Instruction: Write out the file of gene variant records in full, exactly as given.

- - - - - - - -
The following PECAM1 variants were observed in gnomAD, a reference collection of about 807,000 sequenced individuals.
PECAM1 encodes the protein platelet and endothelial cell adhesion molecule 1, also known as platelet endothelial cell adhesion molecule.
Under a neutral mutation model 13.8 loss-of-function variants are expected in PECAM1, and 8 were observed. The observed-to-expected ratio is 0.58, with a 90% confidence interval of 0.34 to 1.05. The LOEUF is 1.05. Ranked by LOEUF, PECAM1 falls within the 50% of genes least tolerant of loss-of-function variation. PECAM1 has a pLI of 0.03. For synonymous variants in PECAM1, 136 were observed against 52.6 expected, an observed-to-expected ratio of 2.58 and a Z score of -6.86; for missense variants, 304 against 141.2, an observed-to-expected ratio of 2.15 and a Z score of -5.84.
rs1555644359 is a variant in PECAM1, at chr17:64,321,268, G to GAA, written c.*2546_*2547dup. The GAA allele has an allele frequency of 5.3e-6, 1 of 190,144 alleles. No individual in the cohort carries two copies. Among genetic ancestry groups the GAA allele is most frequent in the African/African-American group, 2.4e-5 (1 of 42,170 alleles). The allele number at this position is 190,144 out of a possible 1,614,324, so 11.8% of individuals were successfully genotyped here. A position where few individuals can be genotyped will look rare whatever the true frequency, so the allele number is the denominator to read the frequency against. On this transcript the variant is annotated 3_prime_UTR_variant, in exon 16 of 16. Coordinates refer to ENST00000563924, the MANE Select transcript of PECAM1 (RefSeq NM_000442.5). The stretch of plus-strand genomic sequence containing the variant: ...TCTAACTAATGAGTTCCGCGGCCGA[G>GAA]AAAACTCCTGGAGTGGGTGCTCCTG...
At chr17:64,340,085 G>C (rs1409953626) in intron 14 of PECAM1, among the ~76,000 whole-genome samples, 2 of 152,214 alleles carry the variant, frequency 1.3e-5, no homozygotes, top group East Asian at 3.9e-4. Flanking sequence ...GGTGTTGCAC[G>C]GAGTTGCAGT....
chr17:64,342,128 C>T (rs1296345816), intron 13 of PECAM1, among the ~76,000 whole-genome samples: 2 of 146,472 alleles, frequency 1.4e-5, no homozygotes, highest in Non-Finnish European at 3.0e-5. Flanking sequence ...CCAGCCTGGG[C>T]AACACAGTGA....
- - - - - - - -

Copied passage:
The following PECAM1 variants were observed in gnomAD, a reference collection of about 807,000 sequenced individuals.
PECAM1 encodes the protein platelet and endothelial cell adhesion molecule 1, also known as platelet endothelial cell adhesion molecule.
Under a neutral mutation model 13.8 loss-of-function variants are expected in PECAM1, and 8 were observed. The observed-to-expected ratio is 0.58, with a 90% confidence interval of 0.34 to 1.05. The LOEUF is 1.05. Ranked by LOEUF, PECAM1 falls within the 50% of genes least tolerant of loss-of-function variation. PECAM1 has a pLI of 0.03. For synonymous variants in PECAM1, 136 were observed against 52.6 expected, an observed-to-expected ratio of 2.58 and a Z score of -6.86; for missense variants, 304 against 141.2, an observed-to-expected ratio of 2.15 and a Z score of -5.84.
rs1555644359 is a variant in PECAM1, at chr17:64,321,268, G to GAA, written c.*2546_*2547dup. The GAA allele has an allele frequency of 5.3e-6, 1 of 190,144 alleles. No individual in the cohort carries two copies. Among genetic ancestry groups the GAA allele is most frequent in the African/African-American group, 2.4e-5 (1 of 42,170 alleles). The allele number at this position is 190,144 out of a possible 1,614,324, so 11.8% of individuals were successfully genotyped here. A position where few individuals can be genotyped will look rare whatever the true frequency, so the allele number is the denominator to read the frequency against. On this transcript the variant is annotated 3_prime_UTR_variant, in exon 16 of 16. Coordinates refer to ENST00000563924, the MANE Select transcript of PECAM1 (RefSeq NM_000442.5). The stretch of plus-strand genomic sequence containing the variant: ...TCTAACTAATGAGTTCCGCGGCCGA[G>GAA]AAAACTCCTGGAGTGGGTGCTCCTG...
At chr17:64,340,085 G>C (rs1409953626) in intron 14 of PECAM1, among the ~76,000 whole-genome samples, 2 of 152,214 alleles carry the variant, frequency 1.3e-5, no homozygotes, top group East Asian at 3.9e-4. Flanking sequence ...GGTGTTGCAC[G>C]GAGTTGCAGT....
chr17:64,342,128 C>T (rs1296345816), intron 13 of PECAM1, among the ~76,000 whole-genome samples: 2 of 146,472 alleles, frequency 1.4e-5, no homozygotes, highest in Non-Finnish European at 3.0e-5. Flanking sequence ...CCAGCCTGGG[C>T]AACACAGTGA....